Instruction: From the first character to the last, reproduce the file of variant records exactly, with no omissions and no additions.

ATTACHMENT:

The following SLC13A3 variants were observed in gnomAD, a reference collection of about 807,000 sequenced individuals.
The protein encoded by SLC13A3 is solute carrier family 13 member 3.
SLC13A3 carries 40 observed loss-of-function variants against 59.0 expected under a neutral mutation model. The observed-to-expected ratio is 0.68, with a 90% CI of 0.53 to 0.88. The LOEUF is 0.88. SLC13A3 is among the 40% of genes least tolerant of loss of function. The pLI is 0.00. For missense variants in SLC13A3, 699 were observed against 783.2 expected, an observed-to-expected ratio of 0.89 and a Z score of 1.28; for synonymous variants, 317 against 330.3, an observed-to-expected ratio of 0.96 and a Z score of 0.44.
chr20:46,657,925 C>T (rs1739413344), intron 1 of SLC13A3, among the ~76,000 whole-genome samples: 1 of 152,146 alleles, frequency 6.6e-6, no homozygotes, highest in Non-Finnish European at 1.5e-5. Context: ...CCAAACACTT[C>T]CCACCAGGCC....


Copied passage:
The following SLC13A3 variants were observed in gnomAD, a reference collection of about 807,000 sequenced individuals.
The protein encoded by SLC13A3 is solute carrier family 13 member 3.
SLC13A3 carries 40 observed loss-of-function variants against 59.0 expected under a neutral mutation model. The observed-to-expected ratio is 0.68, with a 90% CI of 0.53 to 0.88. The LOEUF is 0.88. SLC13A3 is among the 40% of genes least tolerant of loss of function. The pLI is 0.00. For missense variants in SLC13A3, 699 were observed against 783.2 expected, an observed-to-expected ratio of 0.89 and a Z score of 1.28; for synonymous variants, 317 against 330.3, an observed-to-expected ratio of 0.96 and a Z score of 0.44.
chr20:46,657,925 C>T (rs1739413344), intron 1 of SLC13A3, among the ~76,000 whole-genome samples: 1 of 152,146 alleles, frequency 6.6e-6, no homozygotes, highest in Non-Finnish European at 1.5e-5. Context: ...CCAAACACTT[C>T]CCACCAGGCC....